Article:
Currently, the state is in the 1A+ phase, which makes the vaccine available to health care workers, long-term care residents and staff, people 65 years and older along with their caregivers, and law enforcement. This phase doesn't include teachers or other educators.
Teachers are currently slated to be offered vaccine doses during the next phase known as 1B. When that phase will begin hasn't yet been announced.
"In response to your resolution: I agree," Kemp wrote in a letter addressed to the Atlanta Board of Education. "If the state were receiving adequate supply of the COVID-19 vaccines, Dr. Toomey and I would quickly move to expand the vaccination criteria."
He posted a copy of the letter on social media.
"The truth is that our current vaccine supply is not enough to expand the 1A+ vaccination criteria," the letter reads.
Currently, Georgia receives a vaccine allotment of 146,000 doses per week.
In his letter, Kemp mentioned the 1A+ vaccination group covers 2 million Georgians, including more than 1.3 million seniors. To date, more than 1 million Georgians have received at least one dose of a vaccine.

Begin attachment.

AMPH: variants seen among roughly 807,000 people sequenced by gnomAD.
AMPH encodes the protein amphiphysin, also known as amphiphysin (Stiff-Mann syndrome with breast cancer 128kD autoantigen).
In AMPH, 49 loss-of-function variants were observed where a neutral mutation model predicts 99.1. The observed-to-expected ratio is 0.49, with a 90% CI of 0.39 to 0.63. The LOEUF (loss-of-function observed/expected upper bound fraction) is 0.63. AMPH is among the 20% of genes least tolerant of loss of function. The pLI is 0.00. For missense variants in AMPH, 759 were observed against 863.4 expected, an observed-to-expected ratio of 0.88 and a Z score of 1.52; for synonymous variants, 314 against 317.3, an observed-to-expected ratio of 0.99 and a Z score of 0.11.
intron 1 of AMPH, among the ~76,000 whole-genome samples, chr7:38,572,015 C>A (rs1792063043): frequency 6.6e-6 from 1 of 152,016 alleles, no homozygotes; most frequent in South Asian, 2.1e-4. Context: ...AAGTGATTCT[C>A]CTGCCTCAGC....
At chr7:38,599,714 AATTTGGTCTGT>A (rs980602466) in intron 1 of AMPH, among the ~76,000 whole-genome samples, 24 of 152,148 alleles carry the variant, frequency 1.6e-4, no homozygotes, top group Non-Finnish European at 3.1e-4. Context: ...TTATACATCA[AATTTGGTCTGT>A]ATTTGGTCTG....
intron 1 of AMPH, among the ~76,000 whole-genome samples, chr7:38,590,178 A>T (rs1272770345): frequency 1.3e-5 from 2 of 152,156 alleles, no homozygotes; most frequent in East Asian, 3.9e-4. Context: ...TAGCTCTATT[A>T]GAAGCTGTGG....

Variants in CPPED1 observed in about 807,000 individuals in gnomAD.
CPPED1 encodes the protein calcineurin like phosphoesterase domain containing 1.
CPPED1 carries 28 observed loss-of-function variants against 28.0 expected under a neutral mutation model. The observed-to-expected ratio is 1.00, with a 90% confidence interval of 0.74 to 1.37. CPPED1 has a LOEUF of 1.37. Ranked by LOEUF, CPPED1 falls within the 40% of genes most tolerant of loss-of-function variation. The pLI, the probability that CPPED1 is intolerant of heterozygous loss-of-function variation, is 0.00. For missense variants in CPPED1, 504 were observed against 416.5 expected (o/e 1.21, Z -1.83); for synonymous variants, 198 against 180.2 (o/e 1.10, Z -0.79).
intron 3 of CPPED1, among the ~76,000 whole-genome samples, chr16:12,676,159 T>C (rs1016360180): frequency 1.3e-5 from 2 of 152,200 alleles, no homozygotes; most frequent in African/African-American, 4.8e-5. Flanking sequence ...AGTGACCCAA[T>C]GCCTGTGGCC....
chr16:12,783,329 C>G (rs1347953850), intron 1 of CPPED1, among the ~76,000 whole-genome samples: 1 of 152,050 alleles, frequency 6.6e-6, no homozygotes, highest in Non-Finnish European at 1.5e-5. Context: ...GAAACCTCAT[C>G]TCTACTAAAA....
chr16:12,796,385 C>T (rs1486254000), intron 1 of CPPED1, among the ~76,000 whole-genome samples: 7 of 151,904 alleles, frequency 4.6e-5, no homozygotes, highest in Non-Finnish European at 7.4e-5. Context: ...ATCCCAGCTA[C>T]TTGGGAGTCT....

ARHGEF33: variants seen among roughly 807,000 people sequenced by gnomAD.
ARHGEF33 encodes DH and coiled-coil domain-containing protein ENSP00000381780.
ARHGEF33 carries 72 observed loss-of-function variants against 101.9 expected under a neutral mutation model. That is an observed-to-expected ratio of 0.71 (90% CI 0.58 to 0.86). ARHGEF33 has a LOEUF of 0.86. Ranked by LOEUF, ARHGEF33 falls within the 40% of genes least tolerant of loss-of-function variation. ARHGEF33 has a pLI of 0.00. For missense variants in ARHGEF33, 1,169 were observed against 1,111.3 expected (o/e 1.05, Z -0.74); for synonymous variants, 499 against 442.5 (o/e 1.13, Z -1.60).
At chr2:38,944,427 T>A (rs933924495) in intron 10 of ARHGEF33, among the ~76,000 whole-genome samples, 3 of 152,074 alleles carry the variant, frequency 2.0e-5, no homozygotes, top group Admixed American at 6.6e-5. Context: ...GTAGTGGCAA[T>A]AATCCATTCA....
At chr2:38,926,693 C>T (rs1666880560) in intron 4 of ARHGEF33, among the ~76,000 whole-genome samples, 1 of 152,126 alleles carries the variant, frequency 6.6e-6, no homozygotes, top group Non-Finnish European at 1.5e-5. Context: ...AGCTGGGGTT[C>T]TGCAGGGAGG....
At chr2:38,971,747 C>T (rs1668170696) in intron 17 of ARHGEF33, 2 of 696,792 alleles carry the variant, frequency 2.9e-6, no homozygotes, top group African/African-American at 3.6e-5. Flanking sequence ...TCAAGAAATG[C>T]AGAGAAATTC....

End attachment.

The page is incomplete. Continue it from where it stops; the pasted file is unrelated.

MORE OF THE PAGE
"To prioritize vaccination of teachers and school staff under the age of 65 would mean adding an additional 450,000 Georgians to the rolls of those currently eligible," Kemp wrote. "Currently many public health districts in the metro-Atlanta area have already had to pause additional first-dose appointments - not because of a lack of demand, but due to a severe lack of vaccine supplied to our state from the federal government."
In January, metro school district superintendents sent Kemp a letter making the same request.
"As superintendents, we hear each day from families who implore us to not return to a full virtual model; likewise, we hear each day from teachers who are scared about the threat of COVID-19 to them and their loved ones," the letter from 11 superintendents read. "The longer we delay in vaccinating our teachers and school staff, the more we risk having to close our doors once again."
"As the Governor and Dr. Toomey have said multiple times: Georgia is not currently receiving enough vaccine supply to provide priority vaccination to over 400,000 teachers and school staff," said a statement from Kemp's team in response to the January.
In his letter responding to the Atlanta Board of Education this week, Kemp stated, "As Dr. Toomey and I have said on multiple occasions: as soon as we can expand the current vaccination criteria to include educators and school staff, we absolutely will. I believe we should do so because these hardworking Georgians are undoubtedly essential to the health, well-being, and future prosperity of our state."